Thursday, June 4, 2015

Guest Review – A Day in the Life of Dennis O’Keefe: Raw Deal (1948), The Fake (1953) and The Diamond Wizard (1954)

By Philip Schweier

Over the Memorial Day weekend, I took the time to watch a trio of crime thrillers, all starring Dennis O’Keefe. O’Keefe was a minor leading man in Hollywood who started out as an extra in the early days of talkies. He climbed through the ranks, also appearing on radio, and transitioned into television in the 1950s and ‘60s.

First of the films that I watched was Raw Deal (1948), in which he co-starred with Claire Trevor. O’Keefe plays Joe Sullivan, serving a stretch in prison on behalf of crime boss Rick Coyle (Raymond Burr). Coyle arranges to bust Joe out, but only in the hope that Joe gets gunned down by the authorities. Joe’s girl, Pat Cameron (Trevor), is waiting with the getaway car ready. With the cops hot on their heels, Joe and Pat head to the apartment of Ann Martin (Marsha Hunt), who works for the law firm working on Joe’s release. It seems Ann has developed a bit of a crush, and Joe intends to use it as leverage for help in getting out of town.

Traveling with two women enables Joe to squeak past the law and head for Crescent City, where he expects to meet up with Coyle, receive $50,000 that he’s owed, and head to South America. But Pat quickly notices Anne’s growing attachment, and begins to wonder how loyal her criminal boyfriend really is.

The film features a number of narrow brushes with the law, as well as a young Whit Bissel as the subject of a separate manhunt. Realizing he’s been betrayed, Joe decides to settle his score with Coyle before leaving the country.

Raymond Burr plays the part of crime boss Coyle to perfection. His sadistic nature slowly gives way to growing paranoia, as he fears Joe come gunning for him. Between Coyle’s growing anxiety, and Pat’s increasing jealousy, the film is an emotional thriller leading the audience to wonder how matters will eventually resolve themselves.

In The Fake (1953), O’Keefe is on the right side of the law, playing insurance investigator Paul Mitchell, who has been assigned to protect a masterpiece of art by da Vinci while it is on loan to London’s Tate Gallery. There, he meets Mary Mason (Coleen Gray), the daughter of an impoverished painter.

The da Vinci is under scrutiny due to the thefts of two other paintings, both of which were replaced by forgeries. Mitchell follows one lead after another as attempts are made to steal the da Vinci, beginning at its arrival in England. Meanwhile, he also continues to pursue Mary Mason. This romantic endeavor that is complicated when it appears her father may be involved in the art thefts.

As capers go, it’s enjoyable without trying too hard to be more than it is. It hardly ranks high on anyone’s list of mysteries, especially when one stunningly obvious clue seems to escape the notice of Mitchell and his cohorts. But it benefits from having been filmed on location in London at the Tate Gallery. Also, segments of Mussorgsky's “Pictures At An Exhibition" are used for the musical score, providing not only irony but a cheap source for music cues.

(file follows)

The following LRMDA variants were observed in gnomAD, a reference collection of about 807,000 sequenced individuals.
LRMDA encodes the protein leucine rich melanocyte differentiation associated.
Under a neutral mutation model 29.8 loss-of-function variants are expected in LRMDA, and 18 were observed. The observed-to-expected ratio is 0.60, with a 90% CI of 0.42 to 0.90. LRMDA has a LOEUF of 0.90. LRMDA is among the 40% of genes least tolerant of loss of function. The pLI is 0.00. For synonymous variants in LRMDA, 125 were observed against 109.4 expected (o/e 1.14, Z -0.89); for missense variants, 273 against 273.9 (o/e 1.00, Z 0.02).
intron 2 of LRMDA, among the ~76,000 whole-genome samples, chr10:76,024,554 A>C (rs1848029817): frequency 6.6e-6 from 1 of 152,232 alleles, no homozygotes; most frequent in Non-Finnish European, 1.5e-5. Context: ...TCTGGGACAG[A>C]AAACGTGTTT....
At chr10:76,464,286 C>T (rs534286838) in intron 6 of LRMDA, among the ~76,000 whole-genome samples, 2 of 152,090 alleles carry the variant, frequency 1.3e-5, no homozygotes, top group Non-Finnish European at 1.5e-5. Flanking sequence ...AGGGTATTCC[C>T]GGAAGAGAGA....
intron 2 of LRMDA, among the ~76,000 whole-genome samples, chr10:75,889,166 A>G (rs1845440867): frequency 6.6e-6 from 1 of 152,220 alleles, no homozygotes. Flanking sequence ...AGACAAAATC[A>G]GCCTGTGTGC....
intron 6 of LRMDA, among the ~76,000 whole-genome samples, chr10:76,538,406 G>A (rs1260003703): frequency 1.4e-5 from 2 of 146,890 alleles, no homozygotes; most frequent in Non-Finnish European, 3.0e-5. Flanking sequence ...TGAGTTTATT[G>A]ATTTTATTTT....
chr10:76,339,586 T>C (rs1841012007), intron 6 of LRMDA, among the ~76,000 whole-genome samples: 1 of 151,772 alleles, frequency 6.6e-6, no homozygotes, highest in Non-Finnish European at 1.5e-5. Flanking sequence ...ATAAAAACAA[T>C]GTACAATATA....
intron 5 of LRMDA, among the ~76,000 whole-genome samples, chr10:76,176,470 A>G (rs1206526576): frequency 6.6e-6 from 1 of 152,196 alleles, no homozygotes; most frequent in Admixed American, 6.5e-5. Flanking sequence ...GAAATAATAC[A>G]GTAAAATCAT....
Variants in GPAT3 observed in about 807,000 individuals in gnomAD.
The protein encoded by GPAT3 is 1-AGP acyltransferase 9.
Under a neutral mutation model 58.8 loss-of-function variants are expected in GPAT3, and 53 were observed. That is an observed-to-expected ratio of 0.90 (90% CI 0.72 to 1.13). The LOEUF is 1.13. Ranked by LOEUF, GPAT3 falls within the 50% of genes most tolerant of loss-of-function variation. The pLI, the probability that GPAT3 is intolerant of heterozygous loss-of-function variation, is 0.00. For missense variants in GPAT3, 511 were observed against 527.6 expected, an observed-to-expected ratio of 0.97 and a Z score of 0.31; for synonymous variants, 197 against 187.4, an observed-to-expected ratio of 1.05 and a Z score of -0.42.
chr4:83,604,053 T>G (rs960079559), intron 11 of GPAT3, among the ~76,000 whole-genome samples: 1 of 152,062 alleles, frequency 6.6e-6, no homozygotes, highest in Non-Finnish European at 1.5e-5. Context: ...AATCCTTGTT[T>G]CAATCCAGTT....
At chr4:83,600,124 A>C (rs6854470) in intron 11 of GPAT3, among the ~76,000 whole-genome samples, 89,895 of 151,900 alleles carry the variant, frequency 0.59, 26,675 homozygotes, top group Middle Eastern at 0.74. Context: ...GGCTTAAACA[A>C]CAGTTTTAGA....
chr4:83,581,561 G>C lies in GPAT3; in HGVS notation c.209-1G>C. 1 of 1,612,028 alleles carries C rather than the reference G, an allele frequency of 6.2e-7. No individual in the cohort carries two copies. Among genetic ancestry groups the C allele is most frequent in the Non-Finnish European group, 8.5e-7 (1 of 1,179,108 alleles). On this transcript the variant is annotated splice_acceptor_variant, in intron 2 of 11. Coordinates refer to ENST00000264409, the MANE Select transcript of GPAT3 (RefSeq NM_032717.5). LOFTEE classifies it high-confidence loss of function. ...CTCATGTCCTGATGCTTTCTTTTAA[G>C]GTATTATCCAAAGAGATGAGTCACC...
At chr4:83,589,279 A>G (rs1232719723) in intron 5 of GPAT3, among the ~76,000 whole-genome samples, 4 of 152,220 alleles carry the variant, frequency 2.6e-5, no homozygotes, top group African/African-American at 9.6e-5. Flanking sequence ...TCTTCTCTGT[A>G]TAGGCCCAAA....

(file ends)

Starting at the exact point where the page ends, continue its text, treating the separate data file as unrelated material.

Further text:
O’Keefe is once again in jolly old England for The Diamond Wizard (1954), this time as U.S. Treasury Agent Joe Dennison. He’s trailed a gang of thieves who’ve stolen a million dollars from a U.S. Treasury vault. Upon arrival, he discovers his case intersects with that of Scotland Yard Inspector McClaren (Philip Friend), who is investigating the disappearance of Dr. Eric Miller (Paul Hardtmuth), an atomic scientist. They compare notes, and Dennison discovers Miller has secretly been creating bogus diamonds, either willingly or under coercion. Their combined investigation evolves into a police procedural, as Dennison adapts his American methods to British sensibilities, while he and McClaren compete for the affections of Dr. Miller’s daughter, Marline (Margaret Sheridan).

Both The Fake and The Diamond Wizard were produced by British studios (Pax Films and Gibraltar Films, respectively), though perhaps due to its American leads, they have a more American tone. According to the IMDB, O’Keefe is credited as co-director on the Diamond Wizard, and co-authored the script under the pen-name Jonathan Rix.

While none of O’Keefe’s films stand out as exceptional thrillers or film noir, they’re pleasant diversions for those that haven’t seen them before.


Caftan Woman said...

You've made a lot of women happy in one fell swoop. O'Keefe has quite the following among some gals I know.

Rick29 said...

I love Anthony Mann's Westerns, but wasn't sure what to expect when I first saw RAW DEAL. But it blew me away. Yes, Raymond Burr is one of the all-time great villains--his scene in the restaurant is a real shocker.

grouchomarxist said...

There are three things that make Raw Deal a particular standout among these films.

In no particular order:

John Alton's cinematography
Claire Trevor
Raymond Burr (Face-full of flaming crepes, anyone? Yeesh.)

I know I've said this before, but since one of my earliest TV memories is of Perry Mason, it was a real shock to me to find that Burr was typecast as a heavy in so many 50s' B-films. And he was a damned good one, too. (Which I'm sure is why he was typecast.)

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